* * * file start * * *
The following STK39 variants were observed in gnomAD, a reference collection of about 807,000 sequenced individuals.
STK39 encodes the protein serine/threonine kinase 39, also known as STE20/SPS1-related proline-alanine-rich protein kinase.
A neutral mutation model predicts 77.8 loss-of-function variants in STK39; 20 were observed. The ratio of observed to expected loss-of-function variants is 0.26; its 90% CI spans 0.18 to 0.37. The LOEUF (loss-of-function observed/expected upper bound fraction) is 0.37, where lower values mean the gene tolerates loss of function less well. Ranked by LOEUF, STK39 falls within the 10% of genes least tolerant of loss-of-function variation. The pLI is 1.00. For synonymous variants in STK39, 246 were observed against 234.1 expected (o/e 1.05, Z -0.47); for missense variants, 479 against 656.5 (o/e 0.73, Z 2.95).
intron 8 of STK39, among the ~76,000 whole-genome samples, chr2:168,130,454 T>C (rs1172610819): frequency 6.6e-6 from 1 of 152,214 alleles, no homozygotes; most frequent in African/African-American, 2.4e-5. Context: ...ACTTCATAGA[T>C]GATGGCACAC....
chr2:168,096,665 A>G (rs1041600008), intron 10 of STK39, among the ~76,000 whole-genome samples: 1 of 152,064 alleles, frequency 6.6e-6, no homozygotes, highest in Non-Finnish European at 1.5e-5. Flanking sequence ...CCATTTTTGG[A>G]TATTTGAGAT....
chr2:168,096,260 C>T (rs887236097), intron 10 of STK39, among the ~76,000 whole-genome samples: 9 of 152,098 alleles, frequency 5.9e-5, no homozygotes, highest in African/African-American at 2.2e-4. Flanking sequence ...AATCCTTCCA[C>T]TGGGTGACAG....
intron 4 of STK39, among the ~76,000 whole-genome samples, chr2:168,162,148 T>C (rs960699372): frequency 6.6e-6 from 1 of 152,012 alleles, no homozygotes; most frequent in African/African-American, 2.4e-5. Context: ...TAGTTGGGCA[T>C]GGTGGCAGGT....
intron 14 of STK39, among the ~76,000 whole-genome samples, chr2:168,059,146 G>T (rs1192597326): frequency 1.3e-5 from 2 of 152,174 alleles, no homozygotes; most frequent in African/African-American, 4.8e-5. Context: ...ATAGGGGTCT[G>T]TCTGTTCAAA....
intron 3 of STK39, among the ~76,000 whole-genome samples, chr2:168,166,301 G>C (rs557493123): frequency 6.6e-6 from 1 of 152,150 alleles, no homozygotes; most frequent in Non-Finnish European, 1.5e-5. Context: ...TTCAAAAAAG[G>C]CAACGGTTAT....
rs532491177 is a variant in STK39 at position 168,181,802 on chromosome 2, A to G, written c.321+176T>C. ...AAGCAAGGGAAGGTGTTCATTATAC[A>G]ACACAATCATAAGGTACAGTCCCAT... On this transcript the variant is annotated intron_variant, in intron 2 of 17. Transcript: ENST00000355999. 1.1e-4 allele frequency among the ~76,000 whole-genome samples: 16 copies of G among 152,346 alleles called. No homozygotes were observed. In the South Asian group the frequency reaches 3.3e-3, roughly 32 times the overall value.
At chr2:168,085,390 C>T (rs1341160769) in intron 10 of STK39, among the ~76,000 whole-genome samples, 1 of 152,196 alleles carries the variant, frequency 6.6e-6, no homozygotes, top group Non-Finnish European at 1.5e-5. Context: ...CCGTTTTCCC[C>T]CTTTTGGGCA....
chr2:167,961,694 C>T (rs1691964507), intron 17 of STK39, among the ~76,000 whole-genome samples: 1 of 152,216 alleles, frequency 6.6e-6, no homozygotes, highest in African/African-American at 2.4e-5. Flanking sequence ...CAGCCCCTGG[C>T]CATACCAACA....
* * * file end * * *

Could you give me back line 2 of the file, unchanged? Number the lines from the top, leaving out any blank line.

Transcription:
STK39 encodes the protein serine/threonine kinase 39, also known as STE20/SPS1-related proline-alanine-rich protein kinase.